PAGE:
The Brookfield viscosities of the aqueous dispersions of the invention that were made up using the above mentioned procedure B were measured and were recorded in the graphs or Tables as noted below.
Preparation of HM-Block (or Comb)-PAPE Polymers:
X33487-45 (PAPE, 8.6% of glycidyl 2-methyl phenyl ether). A mixture of polyethylene glycol (molecular weight ˜8000) (600 g) and sodium hydroxide pellets (12 g) was heated at 80° C. for 1 hr. Dibromomethane (8.8 g) was added and the resulting reaction mixture was stirred for 1 hr. Glycidyl 2-methyl phenyl ether (87 g) was added and the reaction temperature was kept at 120° C. for 4 hrs. The product was collected after the reaction was cooled to room temperature. SEC analysis showed that the product is a polymer with a number average molecular weight (Mn) of 21,000. 1H NMR analysis gave the amount of hydrophobe incorporated of 8.6% by weight.
X33445-70 (PAPE, 10.8% of glycidyl 2-methyl phenyl ether) Similarly, using the process for X33487-45, the sample X33445-70 was prepared with 600 g of 8,000 Mn PEG, 12 g of NaOH, 6.2 g of dibromo-methane and 107 g of glycidyl 2-methyl phenyl ether. The product has a molecular weight (Mn) of 12,600, and a hydrophobe content of 10.8% by weight.
HM-PAPE polymers (NLS-200 and NHS-300) are commercial products marketed by Hercules Incorporated under the trademarks Aquaflow NLS-200 and Aquaflow NHS-300.
Preparation of n-Butyl—(EO)7.6-Me New Molecule
100 grams of Carbowax 350 product (Me-(EO)7.5), was heated with 15 grams of NaOH for 1 hour at 80° C. Then, 50 grams (0.36 mol) of butyl bromide was added to the mixture and was kept at 80° C. for 2 hours, then at 100° degree C. for 4 hours. After cooling, the mixture was filtered twice to remove salt. A total amount of 130 grams of product was collected, designated further as X-33564-8A.
Typical surfactants used in the Examples include alcohol ethoxylates (C10-(EO)6—Iconol DA-6, Ethal DA-6 and Huntsman DA-6; C10-(EO)9—Ethal DA-9; C9-11-(EO)6—Rhodasurf 91-6), dialkyl sulfosuccinates (diamyl sulfosuccinate—Aerosol AY-100; diisobutyl sulfosuccinate—Aerosol IB-45; dioctyl sulfosuccinate—Aerosol OT), ethoxylated 2,4,7,9-tetramethyl-5-decyn-4,7-diol or Surfynol 465, phosphate ester—Strodex LFK-70. The low VOC solvent of interest includes Ecosoft PB or EPB product (tetraethylene glycol monobutyl ether), marketed by the Dow Chemical company.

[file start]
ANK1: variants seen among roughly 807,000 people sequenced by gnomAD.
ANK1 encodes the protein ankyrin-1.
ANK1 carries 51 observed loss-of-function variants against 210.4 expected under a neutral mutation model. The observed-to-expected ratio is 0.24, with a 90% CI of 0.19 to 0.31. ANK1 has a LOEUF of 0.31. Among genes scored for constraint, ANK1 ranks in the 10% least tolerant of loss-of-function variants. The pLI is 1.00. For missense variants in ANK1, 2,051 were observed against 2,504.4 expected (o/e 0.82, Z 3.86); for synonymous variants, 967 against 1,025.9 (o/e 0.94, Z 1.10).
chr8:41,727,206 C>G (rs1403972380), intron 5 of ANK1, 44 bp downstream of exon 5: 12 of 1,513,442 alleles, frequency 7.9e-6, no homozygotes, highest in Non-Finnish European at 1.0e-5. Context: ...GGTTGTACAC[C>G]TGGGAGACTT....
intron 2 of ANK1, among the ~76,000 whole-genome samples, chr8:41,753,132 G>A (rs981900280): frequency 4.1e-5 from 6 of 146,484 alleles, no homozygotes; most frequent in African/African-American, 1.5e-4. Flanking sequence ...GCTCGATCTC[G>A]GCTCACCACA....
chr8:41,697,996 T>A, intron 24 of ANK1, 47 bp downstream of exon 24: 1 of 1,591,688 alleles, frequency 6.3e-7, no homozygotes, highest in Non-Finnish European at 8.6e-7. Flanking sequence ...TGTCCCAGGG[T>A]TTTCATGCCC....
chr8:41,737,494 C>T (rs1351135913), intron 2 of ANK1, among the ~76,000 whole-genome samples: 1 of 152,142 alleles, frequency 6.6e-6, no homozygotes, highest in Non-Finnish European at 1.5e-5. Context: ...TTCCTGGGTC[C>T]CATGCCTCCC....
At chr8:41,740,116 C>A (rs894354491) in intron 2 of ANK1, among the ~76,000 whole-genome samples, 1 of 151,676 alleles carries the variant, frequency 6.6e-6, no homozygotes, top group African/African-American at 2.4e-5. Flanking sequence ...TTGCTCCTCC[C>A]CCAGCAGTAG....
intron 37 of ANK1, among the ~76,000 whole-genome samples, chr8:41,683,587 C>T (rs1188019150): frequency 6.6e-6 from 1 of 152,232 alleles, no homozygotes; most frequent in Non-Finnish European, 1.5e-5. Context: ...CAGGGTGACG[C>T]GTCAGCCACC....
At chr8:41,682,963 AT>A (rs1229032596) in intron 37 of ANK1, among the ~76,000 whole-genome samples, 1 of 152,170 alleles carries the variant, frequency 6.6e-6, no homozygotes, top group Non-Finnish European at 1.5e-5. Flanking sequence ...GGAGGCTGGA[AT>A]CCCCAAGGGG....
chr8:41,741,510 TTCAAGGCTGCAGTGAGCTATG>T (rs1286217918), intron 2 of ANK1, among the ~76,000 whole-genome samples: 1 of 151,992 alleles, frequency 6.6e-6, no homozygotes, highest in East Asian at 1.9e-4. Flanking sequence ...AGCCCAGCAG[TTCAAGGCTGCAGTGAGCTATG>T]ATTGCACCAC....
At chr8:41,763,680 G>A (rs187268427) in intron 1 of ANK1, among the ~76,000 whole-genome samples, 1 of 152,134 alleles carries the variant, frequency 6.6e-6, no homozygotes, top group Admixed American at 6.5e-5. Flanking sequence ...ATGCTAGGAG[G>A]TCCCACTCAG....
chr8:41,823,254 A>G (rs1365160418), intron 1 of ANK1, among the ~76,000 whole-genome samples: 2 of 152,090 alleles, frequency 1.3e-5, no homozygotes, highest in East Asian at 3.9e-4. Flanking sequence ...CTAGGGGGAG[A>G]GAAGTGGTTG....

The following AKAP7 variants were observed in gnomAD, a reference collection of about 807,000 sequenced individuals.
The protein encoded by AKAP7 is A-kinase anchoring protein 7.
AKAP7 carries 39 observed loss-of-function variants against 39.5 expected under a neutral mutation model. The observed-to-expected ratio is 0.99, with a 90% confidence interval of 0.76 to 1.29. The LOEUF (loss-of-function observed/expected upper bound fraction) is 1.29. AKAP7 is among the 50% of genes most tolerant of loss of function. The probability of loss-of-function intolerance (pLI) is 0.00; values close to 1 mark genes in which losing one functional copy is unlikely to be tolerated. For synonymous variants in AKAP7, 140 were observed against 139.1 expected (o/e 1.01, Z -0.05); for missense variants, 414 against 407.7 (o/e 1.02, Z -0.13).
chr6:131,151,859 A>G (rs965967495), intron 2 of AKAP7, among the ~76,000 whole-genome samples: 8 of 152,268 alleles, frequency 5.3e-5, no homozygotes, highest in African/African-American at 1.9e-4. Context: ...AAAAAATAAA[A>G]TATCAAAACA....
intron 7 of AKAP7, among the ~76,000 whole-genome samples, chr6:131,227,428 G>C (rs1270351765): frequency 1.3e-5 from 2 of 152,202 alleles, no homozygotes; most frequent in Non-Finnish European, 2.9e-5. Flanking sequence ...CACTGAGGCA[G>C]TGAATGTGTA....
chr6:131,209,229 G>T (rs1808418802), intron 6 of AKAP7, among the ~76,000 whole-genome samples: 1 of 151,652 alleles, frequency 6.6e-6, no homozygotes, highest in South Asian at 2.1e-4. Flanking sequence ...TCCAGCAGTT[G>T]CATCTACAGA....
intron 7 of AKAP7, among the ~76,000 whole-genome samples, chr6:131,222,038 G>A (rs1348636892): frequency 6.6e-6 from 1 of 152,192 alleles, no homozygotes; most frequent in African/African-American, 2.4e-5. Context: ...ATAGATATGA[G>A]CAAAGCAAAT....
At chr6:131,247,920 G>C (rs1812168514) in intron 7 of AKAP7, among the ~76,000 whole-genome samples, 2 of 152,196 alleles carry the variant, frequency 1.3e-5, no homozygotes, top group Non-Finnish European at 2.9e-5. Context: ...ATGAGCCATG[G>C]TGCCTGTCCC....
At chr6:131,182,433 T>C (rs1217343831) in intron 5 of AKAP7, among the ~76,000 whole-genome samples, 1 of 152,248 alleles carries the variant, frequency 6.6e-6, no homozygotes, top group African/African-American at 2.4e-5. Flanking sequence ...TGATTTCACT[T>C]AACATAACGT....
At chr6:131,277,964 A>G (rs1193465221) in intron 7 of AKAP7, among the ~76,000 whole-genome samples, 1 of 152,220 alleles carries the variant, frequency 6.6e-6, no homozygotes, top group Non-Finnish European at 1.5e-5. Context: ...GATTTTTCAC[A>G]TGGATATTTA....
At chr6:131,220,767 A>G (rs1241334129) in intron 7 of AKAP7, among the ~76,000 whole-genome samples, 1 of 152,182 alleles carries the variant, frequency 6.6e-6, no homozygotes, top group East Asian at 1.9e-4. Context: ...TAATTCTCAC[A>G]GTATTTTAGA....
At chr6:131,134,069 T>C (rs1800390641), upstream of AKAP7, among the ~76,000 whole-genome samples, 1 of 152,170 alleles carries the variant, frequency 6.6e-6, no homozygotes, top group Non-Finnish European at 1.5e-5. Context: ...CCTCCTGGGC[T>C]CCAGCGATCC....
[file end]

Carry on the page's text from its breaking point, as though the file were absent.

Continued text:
The A standard procedure was used to prepare the test samples for these Examples and were reported in
A mixture of 25% active HM-block-PAPE in water with 15% added AOT surfactant resulted in gel formation. The mixture of 25% active HM-block-PAPE in water with 15% added EPB solvent produced a high viscosity, in the range of 14,000-10,000 cps depending on shear rate.
However, quite unexpectedly, the mixture of 25% active HM-block-PAPE in water with 10% added EPB (low VOC) solvent and 5% added AOT surfactant produced a very low 2000 cps viscosity. The solution viscosity was even lower than the viscosity of a commercial NLS-200 product made with the addition of 15% of high volatile organic solvent, butyl carbitol (see
Thus, a synergy in viscosity reduction of HM-block-PAPE was observed for a combination of Ecosoft PB (tetraethylene glycol mono butyl ether) and Aerosol OT (AOT).
Table 1 below shows viscosity data for 2:1 wt/wt blend based on NHS-300 (C12-PAPE) X-33487-45 (see below) in the mixture with a single surfactant or a blend of surfactants as part of this invention.